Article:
"My typical coping techniques aren’t as effective. Eventually, I found the only way to get better was to go to therapy. A work in progress but I couldn’t recommend it more." —tabbertot

19. "I didn't anticipate how much I would lose my identity and what made me, me. I was pretty individualistic before I had a baby and that really fell by the wayside in the first 12 to 18 months postpartum. It naturally morphed into more of a sense of family, that we were a family unit, and my decisions, thoughts, and feelings really changed so I wasn't just thinking about myself. Having a baby fundamentally changed who I am and I'm ok with that."

"I also started sticking up for myself at work, and I no longer quietly accepted the shitty assignments. I got promoted this year because (I have to assume) of my insistence on speaking up for myself, sharing my ideas more freely, and asking others to collaborate more often. None of that would've happened without becoming more collectivistic." —katies1957fiat

20. "I would say that you are not a bad parent for wanting to be on your own sometimes. You are a parent but also more than just a parent. You are still yourself with your own interests and needs. It's ok to have time on your own, time for a hobby, or time to exercise or meet a friend."

"'Me time' is really important, and I think makes you a better parent. My therapist says 'you can't pour from an empty jug,' so make sure you’re taking care of yourself and that there’s juice in your jug. It’ll help you be the best parent you can be." —rkcs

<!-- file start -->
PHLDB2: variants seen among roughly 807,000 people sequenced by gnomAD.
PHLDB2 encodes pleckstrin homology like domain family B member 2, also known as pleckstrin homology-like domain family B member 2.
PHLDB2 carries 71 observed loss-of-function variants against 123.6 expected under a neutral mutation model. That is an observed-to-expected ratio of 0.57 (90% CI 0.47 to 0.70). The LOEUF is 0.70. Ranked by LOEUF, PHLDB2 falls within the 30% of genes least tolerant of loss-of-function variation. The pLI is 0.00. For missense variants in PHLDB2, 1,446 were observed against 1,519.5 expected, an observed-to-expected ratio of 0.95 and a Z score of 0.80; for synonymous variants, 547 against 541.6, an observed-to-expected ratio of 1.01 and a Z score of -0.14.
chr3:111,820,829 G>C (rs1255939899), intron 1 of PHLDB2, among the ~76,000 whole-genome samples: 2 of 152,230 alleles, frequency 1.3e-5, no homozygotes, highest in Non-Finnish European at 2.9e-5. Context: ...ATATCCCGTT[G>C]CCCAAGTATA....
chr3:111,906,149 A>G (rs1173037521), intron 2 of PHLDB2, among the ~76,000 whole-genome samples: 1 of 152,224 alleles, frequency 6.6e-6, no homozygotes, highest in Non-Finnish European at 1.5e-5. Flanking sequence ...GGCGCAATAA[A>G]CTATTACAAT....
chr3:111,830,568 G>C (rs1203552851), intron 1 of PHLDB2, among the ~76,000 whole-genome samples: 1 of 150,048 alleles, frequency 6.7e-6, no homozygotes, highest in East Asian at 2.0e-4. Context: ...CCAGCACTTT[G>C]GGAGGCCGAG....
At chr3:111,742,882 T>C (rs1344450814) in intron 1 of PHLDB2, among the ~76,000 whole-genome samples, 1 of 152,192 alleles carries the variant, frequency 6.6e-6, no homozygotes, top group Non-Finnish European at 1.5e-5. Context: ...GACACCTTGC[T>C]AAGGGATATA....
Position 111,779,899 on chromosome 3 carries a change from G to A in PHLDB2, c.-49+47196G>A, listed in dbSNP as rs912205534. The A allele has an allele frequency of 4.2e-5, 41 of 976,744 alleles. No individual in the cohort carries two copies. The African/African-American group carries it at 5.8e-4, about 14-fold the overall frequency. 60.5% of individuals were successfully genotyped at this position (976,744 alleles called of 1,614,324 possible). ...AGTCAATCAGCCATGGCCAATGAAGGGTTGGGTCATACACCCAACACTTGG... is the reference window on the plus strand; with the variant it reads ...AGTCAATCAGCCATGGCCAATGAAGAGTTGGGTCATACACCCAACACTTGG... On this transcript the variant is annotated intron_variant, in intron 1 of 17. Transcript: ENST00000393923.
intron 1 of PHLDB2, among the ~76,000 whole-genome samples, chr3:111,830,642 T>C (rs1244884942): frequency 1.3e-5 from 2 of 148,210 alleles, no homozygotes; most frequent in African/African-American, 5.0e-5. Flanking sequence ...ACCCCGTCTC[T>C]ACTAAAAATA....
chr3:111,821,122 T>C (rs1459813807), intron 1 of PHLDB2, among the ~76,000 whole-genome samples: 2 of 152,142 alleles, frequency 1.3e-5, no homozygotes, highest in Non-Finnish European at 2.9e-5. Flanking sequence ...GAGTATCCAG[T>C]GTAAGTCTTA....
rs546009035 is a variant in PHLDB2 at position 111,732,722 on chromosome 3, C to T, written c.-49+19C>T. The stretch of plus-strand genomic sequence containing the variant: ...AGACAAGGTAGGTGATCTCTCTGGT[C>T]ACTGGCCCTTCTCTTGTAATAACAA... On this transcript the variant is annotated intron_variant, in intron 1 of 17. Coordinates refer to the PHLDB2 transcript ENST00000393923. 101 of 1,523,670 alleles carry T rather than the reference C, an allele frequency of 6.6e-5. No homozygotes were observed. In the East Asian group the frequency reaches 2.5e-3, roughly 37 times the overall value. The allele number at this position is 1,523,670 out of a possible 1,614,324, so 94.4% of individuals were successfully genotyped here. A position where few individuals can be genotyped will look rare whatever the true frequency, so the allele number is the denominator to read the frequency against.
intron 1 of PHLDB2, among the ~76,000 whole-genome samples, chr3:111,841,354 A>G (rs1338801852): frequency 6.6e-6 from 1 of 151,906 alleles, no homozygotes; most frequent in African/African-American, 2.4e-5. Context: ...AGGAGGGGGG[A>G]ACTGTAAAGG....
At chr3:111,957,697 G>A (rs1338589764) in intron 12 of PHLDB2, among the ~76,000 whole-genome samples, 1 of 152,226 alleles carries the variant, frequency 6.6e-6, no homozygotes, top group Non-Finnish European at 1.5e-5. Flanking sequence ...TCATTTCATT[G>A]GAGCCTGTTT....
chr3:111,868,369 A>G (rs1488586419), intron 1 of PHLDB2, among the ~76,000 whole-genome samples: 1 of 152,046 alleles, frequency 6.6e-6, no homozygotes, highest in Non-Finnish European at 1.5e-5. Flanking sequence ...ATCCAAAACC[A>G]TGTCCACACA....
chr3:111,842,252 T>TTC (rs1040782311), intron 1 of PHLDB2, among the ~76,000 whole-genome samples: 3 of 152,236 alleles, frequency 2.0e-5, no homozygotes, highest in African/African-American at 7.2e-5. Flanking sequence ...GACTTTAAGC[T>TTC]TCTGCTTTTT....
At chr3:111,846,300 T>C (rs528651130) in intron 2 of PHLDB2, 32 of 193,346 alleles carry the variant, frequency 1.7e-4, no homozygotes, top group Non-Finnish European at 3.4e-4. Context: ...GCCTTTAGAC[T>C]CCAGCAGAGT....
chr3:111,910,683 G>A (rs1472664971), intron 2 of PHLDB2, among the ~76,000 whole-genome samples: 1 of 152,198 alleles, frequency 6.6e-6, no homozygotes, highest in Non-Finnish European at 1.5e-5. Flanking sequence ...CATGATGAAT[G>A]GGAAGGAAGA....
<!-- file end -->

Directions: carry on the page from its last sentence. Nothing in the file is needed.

21. "Baby boys get boners. It's normal."

"I was so nervous that I was accidentally breaking my son. Somehow, I missed this during sex-ed and baby class. No one said anything! I thought they only happened after puberty." —tharris2962

22. "The psychological torture of waiting for your child to get a sentence out when they've said the first three words at least ten times."


23. "You can't kiss every booboo and make it better."

"My first had a heart defect and passed away at five months old, and the helpless feeling is still with me 13 years later. It influences how I parent my three healthy rainbow children.

On one hand, I'm more cautious medically and more willing to advocate for them and trust my gut. On the other hand, I want them to live for whatever time they've got here and let them experience as much as possible because life is unpredictable." —donielleleem

24. "That you’ll love something more than yourself. A lot."

"That idea alone is terrifying." —m30www

25. "Even though I still have my circle of friends, I'm spending more time with other moms. I can bring my little guy and not feel bad about it or the need to apologize when he throws a fit."

"Moms know what other moms are going through and don't question it. But I'm afraid my non-parent friends are going to question my parenting." —d43b162e36

26. "The emotional weight of being a parent is so different than I expected. I knew I would love him, and I knew I would worry. But it’s like my heart is literally outside of my body."

"I am constantly worried about what will happen. Because what hurts my son literally hurts me, sometimes even more than it hurts him." —fletcherlt

27. "Exclusively pumping is ok. Baby gets breastmilk, daddy gets to help with feedings, and mama gets to keep body autonomy!"

"I pumped for the entire first year with all my children. I didn't have to struggle with breastfeeding because I was able to plan for pumping. I didn't worry about latch issues or nipple pain. Exclusively pumping saved my body AND my mental health." —christinkeophilak

28. "That breastfeeding — while very rewarding — would cause me to have permanent raisins (pointed nips) for the rest of my life."